Obtaining gait is a complex problem because there are many things that can prevent it, including poor breeding.
First, review the basics (correctly fitting and adjusted tack, anatomically correct hoof trimming, normal shoeing, horse fit and with no pain isssues, etc.). None of these things will make a horse gait correctly, but any one can prevent it.
Second, review rider practices. Ensure the rider is sitting squarely and balanced (a la Sally Swift).
Most Walkers are laterally gaited. They tend to the pacing side of the gait continuum. This requires that the back is neutral to slightly ventroflexed. If you bascule a horse like this they will trot. They can't help it; it's equine biomechanics. So when we talk of "collection" in laterally gaited horses we don't mean "bascule" we mean "not strung out." Folks moving from trotting horses sometimes need some time to learn to feel and understand this difference.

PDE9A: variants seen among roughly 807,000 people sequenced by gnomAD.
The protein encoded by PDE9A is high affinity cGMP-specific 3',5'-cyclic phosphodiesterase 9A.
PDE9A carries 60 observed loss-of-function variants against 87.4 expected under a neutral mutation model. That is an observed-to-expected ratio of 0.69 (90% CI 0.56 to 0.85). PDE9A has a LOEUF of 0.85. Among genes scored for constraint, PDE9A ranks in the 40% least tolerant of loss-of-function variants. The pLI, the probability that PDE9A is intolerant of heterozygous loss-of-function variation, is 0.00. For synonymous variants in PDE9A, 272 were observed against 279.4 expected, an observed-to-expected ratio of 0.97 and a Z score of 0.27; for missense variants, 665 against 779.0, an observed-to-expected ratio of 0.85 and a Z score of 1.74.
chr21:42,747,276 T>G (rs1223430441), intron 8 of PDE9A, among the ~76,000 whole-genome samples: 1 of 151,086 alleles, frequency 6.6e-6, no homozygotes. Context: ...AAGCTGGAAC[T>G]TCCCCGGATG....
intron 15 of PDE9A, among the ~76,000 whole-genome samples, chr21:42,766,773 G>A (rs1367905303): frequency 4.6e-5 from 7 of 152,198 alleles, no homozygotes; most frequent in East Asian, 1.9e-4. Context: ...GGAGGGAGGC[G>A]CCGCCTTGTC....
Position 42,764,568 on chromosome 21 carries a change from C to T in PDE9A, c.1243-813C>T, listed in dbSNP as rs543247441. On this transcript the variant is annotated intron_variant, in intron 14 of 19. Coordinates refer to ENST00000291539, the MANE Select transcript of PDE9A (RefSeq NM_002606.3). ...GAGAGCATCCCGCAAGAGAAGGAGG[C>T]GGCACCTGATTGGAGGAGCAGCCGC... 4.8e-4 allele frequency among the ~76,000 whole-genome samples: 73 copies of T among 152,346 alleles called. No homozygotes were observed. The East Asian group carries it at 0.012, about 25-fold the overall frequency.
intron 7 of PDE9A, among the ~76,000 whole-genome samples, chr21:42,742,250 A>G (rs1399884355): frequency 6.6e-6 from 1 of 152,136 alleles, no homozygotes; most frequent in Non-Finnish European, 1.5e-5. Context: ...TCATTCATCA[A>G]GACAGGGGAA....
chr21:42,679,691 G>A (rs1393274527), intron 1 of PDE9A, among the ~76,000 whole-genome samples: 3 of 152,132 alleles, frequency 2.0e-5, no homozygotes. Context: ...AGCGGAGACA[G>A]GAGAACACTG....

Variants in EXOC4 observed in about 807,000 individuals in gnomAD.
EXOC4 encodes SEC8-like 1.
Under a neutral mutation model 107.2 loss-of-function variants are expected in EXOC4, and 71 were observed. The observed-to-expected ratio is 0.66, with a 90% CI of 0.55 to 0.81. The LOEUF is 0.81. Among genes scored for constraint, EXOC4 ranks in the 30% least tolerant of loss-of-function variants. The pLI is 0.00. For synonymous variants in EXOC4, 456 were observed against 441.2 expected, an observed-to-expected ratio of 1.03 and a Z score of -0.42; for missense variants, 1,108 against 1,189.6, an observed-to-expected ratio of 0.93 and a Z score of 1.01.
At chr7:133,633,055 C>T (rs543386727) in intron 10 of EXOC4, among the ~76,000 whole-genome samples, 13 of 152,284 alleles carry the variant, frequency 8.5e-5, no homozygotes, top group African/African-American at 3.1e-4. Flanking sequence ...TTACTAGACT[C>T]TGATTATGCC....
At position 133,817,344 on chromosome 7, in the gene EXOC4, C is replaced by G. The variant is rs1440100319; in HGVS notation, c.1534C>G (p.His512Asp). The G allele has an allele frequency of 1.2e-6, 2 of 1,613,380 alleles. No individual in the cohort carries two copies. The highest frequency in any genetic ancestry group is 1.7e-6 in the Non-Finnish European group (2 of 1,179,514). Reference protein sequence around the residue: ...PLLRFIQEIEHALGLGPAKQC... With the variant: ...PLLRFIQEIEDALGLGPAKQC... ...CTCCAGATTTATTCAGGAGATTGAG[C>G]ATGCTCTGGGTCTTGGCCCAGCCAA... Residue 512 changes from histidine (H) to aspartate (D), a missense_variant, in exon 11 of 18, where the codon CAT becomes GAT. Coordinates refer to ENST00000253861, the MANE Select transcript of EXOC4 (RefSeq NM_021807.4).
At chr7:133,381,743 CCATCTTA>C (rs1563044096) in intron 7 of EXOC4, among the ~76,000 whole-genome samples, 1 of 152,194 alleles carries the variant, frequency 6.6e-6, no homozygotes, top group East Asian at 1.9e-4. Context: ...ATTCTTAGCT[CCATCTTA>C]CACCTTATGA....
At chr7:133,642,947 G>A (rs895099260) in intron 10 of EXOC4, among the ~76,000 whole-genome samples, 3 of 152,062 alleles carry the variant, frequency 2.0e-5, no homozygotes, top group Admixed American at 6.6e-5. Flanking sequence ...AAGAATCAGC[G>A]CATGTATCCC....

You are correct in pushing the horse to the bit with seat and leg and "feeling" the mouth. This is a good beginning. Many gaited horses like to work off the bit and don't do well on loose reins (some other do quite well that way).
(I've not asked about the type of bit. Personally, I don't like the 8" shank monsters that many Walker folks use. Nor do I care much for twisted wire mouthpieces. This is, however, a separate discussion.
If you keep the hand soft you can use what you like. Of course what you use will have an influence on how the horse goes, how it turns, etc. The bit should be appropriate to the task at hand. Just more of the complexity, don't you know.
If dropping the rein causes a negative change in way of going then don't drop the rein (I don't care what an earlier owner said or what some trainer says or what some self styled expert says). If you drop the rein and the horse changes in a way that is not satisfactory then don't do that.
You ride a Walker just like you ride any other good horse. You sit in the middle, stay balanced, and keep the aids (hand, seat, leg, balance) in accordance.
You might want to have someone video you on the horse. The video camera is the greatest rider training device ever invented. It's also the most humbling, because the lens does not lie.
Good luck in your project.
P.S. If you don't have Lee Ziegler's book then get it.